• Keira D’Amato was announced as a late addition to the New York City Marathon field. It will be her third marathon in less than four months, but she has made her goal clear! (Do you hear footsteps, or is it just me?)

  • The Olympic champion, Peres Jepchirchir, is an unfortunate scratch ahead of New York.

  • The winner of the men’s race at the Detroit Marathon was Ryan Corby in 2:24:28, and as far as The Lap Count is aware, he has no known doping violations against him.

  • At the Delhi Half Marathon, Irine Cheptai (1:0642) dominated the women’s race by over a minute, but the men’s race was a tight finish with Ethiopia’s Chala Regasa (1:00:30) out-sprinting the Kenyan, Felix Kipkoech to the line. The victory was made extra special by the legend Haile Gebrselassie holding the tape.

  • Olympian and World Championship medalist Brenda Martinez has shared that she is expecting a baby in March.

  • Another Olympian and World Championship medalist, Emily Infeld has shared that she is joining Team Boss in Boulder.

  • Villanova’s McKenna Keegan, who was 2nd at the 2022 NCAA Championships in the 800m, has joined the Union Athletics Club.

  • Two big royal weddings in the world of running took place this weekend: Congratulations to Joe Klecker and Sage Hurta and to Tara Davis and Hunter Woodhall! 

  • Professional cross country is back! Kenya’s Edward Zakayo and Pamela Kosgei took the tape in the Cardiff Cross Country challenge. This is the best performance of the 18-year-old Kosgei’s career. Her sister has the marathon world record. Is there somewhere I can buy some stock? Are any college coaches reading this?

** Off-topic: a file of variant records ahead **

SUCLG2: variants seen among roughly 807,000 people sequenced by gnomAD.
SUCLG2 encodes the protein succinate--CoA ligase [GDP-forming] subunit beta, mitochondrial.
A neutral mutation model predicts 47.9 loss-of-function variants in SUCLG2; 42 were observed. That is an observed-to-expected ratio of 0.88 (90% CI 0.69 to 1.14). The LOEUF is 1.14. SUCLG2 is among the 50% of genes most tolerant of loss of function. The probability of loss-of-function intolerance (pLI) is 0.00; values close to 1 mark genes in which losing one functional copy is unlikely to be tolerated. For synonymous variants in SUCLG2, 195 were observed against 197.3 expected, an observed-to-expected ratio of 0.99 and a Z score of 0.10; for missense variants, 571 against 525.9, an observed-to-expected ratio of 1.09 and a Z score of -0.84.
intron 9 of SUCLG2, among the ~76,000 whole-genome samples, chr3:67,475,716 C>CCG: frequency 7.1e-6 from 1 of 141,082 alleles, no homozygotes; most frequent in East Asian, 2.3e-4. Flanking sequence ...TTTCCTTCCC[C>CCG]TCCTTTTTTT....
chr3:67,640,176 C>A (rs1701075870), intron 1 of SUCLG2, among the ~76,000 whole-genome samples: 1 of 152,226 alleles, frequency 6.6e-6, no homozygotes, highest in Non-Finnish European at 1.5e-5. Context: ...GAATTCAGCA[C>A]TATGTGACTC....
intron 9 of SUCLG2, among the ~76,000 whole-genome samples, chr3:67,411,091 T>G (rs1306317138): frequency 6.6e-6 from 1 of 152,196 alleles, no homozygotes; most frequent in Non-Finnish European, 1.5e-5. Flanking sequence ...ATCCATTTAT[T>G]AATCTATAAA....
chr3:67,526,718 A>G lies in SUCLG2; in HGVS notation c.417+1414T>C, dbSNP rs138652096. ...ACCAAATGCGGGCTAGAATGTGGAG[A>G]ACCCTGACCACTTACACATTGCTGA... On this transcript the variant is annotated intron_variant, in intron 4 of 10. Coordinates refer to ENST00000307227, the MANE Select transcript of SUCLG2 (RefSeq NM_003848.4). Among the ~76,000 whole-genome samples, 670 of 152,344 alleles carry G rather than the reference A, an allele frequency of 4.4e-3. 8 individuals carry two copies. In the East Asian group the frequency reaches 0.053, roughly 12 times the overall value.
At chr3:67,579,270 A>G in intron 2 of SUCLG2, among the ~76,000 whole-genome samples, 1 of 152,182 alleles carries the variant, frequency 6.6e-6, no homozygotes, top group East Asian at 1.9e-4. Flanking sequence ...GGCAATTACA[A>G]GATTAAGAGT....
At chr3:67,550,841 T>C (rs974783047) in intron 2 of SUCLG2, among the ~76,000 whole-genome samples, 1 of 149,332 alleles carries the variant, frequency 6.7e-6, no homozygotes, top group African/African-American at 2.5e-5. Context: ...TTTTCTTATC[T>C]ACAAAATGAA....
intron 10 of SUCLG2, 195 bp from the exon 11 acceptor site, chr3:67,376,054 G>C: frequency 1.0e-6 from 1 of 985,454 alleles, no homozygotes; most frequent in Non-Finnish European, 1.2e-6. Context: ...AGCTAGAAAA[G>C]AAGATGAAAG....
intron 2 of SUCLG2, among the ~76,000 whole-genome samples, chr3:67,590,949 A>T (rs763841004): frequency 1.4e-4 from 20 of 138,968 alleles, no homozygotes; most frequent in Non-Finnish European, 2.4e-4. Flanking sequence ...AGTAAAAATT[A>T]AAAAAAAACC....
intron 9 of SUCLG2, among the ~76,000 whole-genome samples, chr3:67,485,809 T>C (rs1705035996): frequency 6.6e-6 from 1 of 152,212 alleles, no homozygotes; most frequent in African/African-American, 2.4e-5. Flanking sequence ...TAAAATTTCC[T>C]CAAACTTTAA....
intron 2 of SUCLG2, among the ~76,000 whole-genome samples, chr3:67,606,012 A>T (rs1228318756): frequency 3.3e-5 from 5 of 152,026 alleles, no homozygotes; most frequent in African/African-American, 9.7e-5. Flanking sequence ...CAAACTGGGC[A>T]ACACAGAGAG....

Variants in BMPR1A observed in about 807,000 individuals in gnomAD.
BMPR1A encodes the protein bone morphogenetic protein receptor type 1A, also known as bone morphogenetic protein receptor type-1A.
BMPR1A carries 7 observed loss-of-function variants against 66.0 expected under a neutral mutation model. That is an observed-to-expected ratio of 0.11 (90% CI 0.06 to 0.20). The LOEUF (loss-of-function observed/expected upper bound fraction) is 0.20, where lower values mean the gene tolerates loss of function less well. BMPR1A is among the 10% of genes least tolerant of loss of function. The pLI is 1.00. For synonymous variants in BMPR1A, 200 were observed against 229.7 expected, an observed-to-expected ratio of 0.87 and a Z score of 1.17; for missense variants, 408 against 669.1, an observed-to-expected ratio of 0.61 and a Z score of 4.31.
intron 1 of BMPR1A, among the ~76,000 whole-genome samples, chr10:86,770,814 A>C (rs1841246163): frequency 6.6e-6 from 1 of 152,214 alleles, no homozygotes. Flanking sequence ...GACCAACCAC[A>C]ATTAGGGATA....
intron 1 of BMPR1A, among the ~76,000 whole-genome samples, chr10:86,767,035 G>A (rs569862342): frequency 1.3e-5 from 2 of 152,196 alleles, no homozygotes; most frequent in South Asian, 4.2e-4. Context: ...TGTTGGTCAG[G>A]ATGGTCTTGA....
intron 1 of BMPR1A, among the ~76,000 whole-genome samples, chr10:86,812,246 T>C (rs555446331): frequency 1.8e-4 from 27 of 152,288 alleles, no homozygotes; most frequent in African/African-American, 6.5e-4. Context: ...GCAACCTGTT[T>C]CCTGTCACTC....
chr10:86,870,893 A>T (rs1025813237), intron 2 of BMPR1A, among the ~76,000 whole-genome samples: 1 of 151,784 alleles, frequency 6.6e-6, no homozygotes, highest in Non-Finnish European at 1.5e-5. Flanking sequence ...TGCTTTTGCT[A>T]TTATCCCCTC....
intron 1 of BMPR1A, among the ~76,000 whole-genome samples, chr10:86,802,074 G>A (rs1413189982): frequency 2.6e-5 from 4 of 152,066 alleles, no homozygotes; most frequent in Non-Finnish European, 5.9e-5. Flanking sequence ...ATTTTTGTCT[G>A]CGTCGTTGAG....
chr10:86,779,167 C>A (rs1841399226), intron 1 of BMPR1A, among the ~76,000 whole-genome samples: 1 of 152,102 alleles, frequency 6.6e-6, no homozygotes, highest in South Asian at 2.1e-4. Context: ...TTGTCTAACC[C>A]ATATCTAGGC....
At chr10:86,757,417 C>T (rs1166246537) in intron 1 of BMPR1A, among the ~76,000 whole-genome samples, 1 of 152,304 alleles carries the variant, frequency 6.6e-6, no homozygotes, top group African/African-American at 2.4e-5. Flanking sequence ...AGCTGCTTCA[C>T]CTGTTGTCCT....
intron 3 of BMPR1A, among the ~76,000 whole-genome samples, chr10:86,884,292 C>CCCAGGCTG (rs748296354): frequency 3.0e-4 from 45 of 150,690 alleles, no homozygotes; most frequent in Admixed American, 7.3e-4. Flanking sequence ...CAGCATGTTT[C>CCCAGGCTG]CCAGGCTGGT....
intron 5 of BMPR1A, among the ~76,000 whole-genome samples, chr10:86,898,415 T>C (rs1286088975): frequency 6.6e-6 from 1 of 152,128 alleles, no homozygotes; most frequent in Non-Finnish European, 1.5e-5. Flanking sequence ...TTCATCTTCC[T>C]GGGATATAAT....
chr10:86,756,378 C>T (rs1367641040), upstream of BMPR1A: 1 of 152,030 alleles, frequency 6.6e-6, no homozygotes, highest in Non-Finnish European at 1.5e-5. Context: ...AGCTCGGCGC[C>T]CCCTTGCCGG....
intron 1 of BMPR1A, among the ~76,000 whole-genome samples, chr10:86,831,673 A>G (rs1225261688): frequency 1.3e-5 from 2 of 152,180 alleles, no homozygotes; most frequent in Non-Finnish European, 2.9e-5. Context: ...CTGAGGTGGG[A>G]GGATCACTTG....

• Nothing soothes the emotional sting of losing your 50k World Record to CJ Albertson like turning around and winning the Cape Town Marathon for the third time. That’s what South Africa’s Stephen Mokoka did as he broke the tape at the event vying for World Marathon Major status in 2:09:59 The women’s winner, Meseret Dinke from Ethiopia, ran 2:24:04 and noted in her post-race interview that the course is way tougher than most international races. Maybe we need that?

  • At the Toronto Waterfront Marathon it was Kenya’s Antonina Kwambai (2:23:20) and Yihunilign Adane (2:07:18) who took the win. However, the race technically doubles as the Canadian Championships, which were won by 42-year-old Malindi Elmore and Trevor Hofbauer, who is a much less impressive 30 years old.

  • At the Great South Run the running super couple comprised of Lily Partridge (54:29) and Ben Connor (47:19) won the 10-mile event. I’m actively workshopping “Bennifer”-style portmanteaus for them and the best I’ve got right now is “Cartridge.” 

  • Corey Bellemore, the world record holder in the conventional beer mile (4:28) just broke the event’s separate record for canned beer at theBeer Mile World Classic on the famous “egg” track in Leuven Belgium. His time of 4:49 validates what we already knew — it’s harder to chug out of a can, but they’re also much safer to smash over your head in celebration afterwards.

Thanks so much to On for sponsoring this week’s newsletter! As you may have seen from a sneak preview, Chris and Mac were out in Boulder this week and there will be some cool content coming out of their trip soon - stay tuned!